Lessons learnt from my 'failed' product launch

Nearly two years ago now with the help off many ☕️ coffees, I published 💰Millennial Money Management - the first ever side project that I built. Even though it has done a grand total of $0 in direct revenue, the whole experience gave me so many benefits that were not tied to money.

But first - a little bit of background.

The idea

The idea for 💰 Millennial Money Management came when I was checking out some fintech projects on Product Hunt.

I’ve also always had an interest in 📈investment and 💰finance, so I was amazed by how many awesome new apps there were and it got me thinking about alternatives to traditional 🏦banks.

I wanted to find out more about all these new alternatives; how much they costed, what countries they supported etc. And I couldn’t find a concise list that contained this info (except the odd blog post).

Bingo! This was the product I wanted to create. So out of a simple day-to-day ‘problem’ I stumbled on an idea and wrote it down.

These were then written down in my public WorkFlowy that you can still check out today and contribute to if you want 😊

Validating the idea

To me, this word validating is a bit over-complicated in the startup / maker scene 🤷‍ And this little section could be a whole post in itself, but here's a quick summary.

To me, validating is simply just 🚢shipping your idea quickly to see what people think. Even if no one uses it, you can use it and be proud of just getting something out there — this is more than most people and it ultimately lead me to getting my current job.

Building and some hurdles to launch

As I was making 💰 Millennial Money Management I feel into the 🛠‘tooling-trap’.

This is a struggle I have and I faced it in this project. On the one hand, I love to try out new ways to build, try new frameworks, new tools etc. But my ultimate goal is to actually launch stuff and see what happens. So, in this case, tools just become a barrier to launch as the learning curve can be steep.

I am no expert coder, but I have learnt enough HTML, CSS and JS to launch a pretty decent website — anything you don’t know can be Googled.

I like the way digital nomad and indie maker Andrey Azimov put in an older article:

“I don’t want to learn tons of programming theory from courses and books that I will never use. I tried to complete 10 courses but I never finished any of them. I’m using programing as a tool to implement my ideas in life.”

Put in my own words,

“If you want to make an espresso for a customer, yeh it’s cool to use an Aeropress or whatever, but ultimately the goal is to just make an espresso”.

Monetization approach

Among the problem solving aspects of making side projects, another commendable objective is to make money from stuff we build to:

  1. Cover the costs of our time and maintenance (hosting etc.) that we need to keep the site alive.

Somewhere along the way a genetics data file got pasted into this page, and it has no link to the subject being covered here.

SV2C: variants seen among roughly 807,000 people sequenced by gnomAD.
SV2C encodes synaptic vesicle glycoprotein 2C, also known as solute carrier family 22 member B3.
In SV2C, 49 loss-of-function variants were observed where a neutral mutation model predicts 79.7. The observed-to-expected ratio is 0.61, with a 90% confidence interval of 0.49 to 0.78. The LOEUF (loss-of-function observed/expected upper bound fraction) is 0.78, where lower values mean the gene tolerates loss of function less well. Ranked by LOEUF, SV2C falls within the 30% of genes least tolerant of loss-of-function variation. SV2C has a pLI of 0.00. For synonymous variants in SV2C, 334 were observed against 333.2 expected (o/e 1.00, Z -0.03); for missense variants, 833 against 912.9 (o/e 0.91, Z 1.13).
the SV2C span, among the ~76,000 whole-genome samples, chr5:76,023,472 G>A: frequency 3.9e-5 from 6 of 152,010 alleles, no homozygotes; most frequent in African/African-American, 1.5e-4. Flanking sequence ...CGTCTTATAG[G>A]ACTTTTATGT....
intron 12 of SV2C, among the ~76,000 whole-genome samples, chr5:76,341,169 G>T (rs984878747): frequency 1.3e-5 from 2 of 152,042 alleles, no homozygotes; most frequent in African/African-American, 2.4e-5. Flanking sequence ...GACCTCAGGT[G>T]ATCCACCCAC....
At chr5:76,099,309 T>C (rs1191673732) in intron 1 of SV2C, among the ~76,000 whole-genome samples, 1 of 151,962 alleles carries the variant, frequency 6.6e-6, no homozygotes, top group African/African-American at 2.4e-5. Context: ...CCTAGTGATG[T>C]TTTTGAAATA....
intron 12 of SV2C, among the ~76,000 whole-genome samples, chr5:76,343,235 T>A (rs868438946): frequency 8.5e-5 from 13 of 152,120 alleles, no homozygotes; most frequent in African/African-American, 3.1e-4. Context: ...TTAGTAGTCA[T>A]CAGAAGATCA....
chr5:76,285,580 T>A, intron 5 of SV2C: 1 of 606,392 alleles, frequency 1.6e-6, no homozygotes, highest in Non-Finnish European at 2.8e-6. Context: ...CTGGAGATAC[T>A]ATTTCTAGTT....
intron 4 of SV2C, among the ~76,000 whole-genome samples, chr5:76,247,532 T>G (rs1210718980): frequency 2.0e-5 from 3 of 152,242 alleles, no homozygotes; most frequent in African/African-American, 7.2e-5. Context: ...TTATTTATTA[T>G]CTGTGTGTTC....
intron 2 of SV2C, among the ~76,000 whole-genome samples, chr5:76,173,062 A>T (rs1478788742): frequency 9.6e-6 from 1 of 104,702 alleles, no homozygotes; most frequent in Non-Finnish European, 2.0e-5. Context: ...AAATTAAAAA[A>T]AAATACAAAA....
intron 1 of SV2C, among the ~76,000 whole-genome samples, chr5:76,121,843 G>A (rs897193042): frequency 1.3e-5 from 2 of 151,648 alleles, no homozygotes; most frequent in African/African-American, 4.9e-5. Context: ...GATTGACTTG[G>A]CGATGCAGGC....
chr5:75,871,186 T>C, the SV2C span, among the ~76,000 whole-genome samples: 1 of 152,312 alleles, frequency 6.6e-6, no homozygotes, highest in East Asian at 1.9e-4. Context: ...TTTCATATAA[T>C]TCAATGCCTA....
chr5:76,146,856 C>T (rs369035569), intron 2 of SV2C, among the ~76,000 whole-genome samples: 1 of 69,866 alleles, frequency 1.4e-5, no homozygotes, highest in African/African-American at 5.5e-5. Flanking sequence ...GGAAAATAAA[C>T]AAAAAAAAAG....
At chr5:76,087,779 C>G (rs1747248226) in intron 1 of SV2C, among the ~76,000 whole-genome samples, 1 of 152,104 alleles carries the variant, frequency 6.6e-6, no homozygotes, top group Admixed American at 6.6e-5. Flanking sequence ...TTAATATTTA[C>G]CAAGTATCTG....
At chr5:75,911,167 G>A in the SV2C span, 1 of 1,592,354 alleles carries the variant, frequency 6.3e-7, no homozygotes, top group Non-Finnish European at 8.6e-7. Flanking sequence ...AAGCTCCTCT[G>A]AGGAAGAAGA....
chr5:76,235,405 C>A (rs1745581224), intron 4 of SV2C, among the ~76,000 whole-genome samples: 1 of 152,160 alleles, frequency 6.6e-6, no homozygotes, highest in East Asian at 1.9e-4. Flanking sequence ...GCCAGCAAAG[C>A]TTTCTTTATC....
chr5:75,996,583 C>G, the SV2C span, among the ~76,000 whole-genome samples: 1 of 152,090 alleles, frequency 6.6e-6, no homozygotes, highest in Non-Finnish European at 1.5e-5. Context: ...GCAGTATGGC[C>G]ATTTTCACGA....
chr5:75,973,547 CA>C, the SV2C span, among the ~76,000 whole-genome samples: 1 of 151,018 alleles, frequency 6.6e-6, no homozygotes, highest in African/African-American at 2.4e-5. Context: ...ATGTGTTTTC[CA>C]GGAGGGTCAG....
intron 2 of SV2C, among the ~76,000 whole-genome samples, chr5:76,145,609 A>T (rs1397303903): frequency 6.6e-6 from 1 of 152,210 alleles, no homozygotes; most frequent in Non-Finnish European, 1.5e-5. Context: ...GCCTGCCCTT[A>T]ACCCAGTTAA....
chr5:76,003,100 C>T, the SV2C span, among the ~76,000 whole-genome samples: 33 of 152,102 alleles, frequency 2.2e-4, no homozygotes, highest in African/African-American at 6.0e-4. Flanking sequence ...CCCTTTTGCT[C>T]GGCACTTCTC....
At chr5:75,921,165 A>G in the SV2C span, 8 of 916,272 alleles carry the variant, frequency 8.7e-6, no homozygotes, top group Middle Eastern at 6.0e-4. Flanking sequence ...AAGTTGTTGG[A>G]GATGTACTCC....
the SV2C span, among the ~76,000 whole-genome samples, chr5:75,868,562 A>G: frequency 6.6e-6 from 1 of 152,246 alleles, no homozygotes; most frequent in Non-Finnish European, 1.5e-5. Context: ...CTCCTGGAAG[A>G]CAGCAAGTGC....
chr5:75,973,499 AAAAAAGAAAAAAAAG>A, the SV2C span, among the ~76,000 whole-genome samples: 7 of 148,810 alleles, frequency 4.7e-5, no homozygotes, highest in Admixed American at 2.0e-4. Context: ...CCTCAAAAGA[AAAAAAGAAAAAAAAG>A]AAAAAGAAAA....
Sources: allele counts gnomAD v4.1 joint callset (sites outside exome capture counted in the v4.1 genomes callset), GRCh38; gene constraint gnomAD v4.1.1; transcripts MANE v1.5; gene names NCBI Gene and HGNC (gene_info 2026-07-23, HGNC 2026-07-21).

2. "Buy" the freedom to continue working and improving the products for our users.

So, for this project, I had many ideas of how to make the site self-sufficient, but the one that seemed the most obvious from the beginning was to have native-ads.

Gone are the days that we can just stick a bunch of GoogleAds on the website and are often blocked by most AdBlockers anyway. So with the native ads, we can seamlessly blend them with the website. create more content for our users, help companies engage with their target audience and allow for more time dedicated to building new features etc. — so it’s a win all round!

As of yet, there still have been no paid ads on the site — despite reaching out and giving away a couple of sponsored cards for the three companies who submitted on the first day.

But, I am still confident that native ads are a great revenue model for sites like this.

Last words and lessons learned

This brings me to the main and final point of this article.

Despite the $0 revenue figures and the relatively few monthly visitor count (largely due now to lack of active growth, maintenance, marketing etc.), I do not see this as a failure - hence why I'm not a fan of measuring validation solely on revenue stats - but hey, that's for another article.

But it's really important to remember, that ultimately, even if no one uses your website or app, you haven't lost anything as you will always have one user and that's you!

Also, sticking your website or app on github or personal portfolio can

  1. Show potential employers or clients your abilities, knowledge and passion for what you do.
  2. Similarly, if you're just starting out as a designer, developer or whatever, having some 'real-world' experience can really set you apart from other candidates who may only be showcasing their student projects.

Rather than just writing these two key lessons, I am living proof that side-projects have the potential to provide so much more than just the obvious monthly or yearly revenue figures. As mentioned in my opening paragraph, 💰Millennial Money Management ultimately was a big factor in the hiring process for my current job and I have been told this first hand by the founder.

Support me

If you guys are feeling really generous, you can support my blog here. Or, got a fintech product or start up? Consider promoting it on 💰 Millennial Money Management and supporting more projects like this 🙏

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